What we fear is actually what we need

 January 30, 2015

By  Casey Berman

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I spoke with some of the winners of last week’s post contest – they carved out time in their schedule to leave the law, sent me a picture of it on their calendar and we spent 30 minutes on the phone discussing whatever was top of mind for them. It was great.

Some were long time, active readers of the leave law behind, so they were familiar with what we discuss here.

They get the idea of planning properly to leave the law.

They knew and had spent time exploring their skills and strengths and enjoyments of their Unique Genius.

They had begun to face their fears of leaving.

They knew that ultimately they would have to “get out there†and begin speaking with people about jobs that may align with their Unique Genius.

They want to leave. They have the desire to act. They understood the process.


We talk ourselves out of it

But invariably, they also talked themselves out of leaving. As their momentum to leave grew, they would begin to riff on one of the below points, that would then end up hamstringing their motivation:

  • I just don’t know what an old criminal lawyer can do besides law.
  • No HR manager would want to hire a lawyer.
  • I know what I’m good at, but I just don’t what job besides law would want me.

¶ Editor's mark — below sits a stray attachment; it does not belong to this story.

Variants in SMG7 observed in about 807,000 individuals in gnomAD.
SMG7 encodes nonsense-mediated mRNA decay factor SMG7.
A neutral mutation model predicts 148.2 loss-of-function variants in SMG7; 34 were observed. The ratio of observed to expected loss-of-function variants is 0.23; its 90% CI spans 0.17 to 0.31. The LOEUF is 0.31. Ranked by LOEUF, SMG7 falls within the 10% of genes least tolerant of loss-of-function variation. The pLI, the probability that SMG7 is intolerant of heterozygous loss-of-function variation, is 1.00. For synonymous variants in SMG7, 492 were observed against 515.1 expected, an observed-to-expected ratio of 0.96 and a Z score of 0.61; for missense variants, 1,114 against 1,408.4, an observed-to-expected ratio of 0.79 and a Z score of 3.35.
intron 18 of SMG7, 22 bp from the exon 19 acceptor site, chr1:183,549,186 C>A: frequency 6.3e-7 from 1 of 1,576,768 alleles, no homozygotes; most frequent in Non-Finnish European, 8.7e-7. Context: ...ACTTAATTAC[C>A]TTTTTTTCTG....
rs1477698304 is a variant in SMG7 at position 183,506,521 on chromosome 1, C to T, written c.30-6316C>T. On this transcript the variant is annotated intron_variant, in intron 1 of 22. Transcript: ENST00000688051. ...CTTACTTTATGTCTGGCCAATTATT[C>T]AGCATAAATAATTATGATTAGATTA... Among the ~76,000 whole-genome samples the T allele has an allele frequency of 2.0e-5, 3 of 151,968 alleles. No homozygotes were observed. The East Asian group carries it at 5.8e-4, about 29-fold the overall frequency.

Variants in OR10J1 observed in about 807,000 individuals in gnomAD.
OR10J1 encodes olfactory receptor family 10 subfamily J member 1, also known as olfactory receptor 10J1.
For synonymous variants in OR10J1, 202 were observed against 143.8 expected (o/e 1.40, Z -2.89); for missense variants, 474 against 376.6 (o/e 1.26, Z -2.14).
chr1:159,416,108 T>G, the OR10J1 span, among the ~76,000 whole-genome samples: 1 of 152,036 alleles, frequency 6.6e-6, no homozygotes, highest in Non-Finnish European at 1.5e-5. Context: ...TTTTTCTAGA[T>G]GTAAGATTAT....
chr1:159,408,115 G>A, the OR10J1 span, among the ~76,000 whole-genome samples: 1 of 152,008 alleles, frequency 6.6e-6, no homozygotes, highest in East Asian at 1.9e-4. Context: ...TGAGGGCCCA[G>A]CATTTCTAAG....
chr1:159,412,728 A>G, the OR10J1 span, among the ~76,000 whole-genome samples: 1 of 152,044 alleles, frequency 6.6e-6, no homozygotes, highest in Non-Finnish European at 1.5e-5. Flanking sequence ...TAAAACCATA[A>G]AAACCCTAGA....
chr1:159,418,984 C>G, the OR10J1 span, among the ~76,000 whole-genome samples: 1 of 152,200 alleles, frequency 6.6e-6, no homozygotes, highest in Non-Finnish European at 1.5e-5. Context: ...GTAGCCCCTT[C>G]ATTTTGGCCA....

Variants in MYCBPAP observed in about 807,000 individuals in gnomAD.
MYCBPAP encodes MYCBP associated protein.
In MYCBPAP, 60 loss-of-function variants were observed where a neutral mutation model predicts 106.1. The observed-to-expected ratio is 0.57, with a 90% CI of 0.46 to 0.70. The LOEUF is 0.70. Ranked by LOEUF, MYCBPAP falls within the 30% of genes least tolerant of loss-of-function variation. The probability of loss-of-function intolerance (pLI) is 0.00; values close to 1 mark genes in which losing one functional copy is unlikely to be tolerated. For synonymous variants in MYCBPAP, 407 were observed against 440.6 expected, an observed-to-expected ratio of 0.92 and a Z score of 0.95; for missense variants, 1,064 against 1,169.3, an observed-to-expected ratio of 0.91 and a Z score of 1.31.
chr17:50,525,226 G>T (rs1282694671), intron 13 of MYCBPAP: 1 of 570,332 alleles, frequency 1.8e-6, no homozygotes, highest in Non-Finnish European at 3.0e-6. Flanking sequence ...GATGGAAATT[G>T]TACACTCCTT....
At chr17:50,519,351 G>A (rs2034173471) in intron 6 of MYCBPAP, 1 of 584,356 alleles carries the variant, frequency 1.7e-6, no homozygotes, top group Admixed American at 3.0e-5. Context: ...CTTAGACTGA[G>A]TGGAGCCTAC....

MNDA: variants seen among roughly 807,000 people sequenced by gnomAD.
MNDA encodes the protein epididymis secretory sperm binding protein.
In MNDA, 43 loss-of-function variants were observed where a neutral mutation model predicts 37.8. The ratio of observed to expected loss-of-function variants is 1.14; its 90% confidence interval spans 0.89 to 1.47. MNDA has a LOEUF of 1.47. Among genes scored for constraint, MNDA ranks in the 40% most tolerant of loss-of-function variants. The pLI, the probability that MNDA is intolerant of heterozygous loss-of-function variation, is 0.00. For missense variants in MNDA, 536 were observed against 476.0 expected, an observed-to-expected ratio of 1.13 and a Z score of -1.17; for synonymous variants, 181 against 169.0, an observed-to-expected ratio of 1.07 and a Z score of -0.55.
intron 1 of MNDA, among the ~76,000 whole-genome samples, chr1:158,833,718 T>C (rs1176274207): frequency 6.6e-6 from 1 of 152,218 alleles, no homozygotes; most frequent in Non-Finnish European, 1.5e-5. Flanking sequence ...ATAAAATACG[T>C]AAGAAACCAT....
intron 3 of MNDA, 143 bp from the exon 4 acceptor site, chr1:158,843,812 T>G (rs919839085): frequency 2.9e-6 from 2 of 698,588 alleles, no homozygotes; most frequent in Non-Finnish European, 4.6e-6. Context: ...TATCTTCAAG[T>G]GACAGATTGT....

• I will get to work on leaving, trust me, but I have this mediation coming up that I have to prepare for.
  • I don’t think I could work for anyone else.
  • I have all of this law school debt, so I feel compelled to practice law for at least a little while longer. Then I’ll leave …
  • A lawyer’s skills are a plus to non-legal jobs, but they are a small plus.
  • Companies do not want to train lawyers to do non-law jobs.
  • I feel like no amount of coaching can help when there are few if any places to go outside of law.
  • I like being able to say I’m a lawyer and that would be hard to give up.
  • I make a decent enough living and am able to afford my house and car payment.
  • I don’t want to leave and then disappoint my current firm.
  • I don’t want to regret leaving.
  • I have no credibility and no resume to begin to explore non-legal jobs.
  • Because of the student loan debt burden, I am nervous about making the move financially.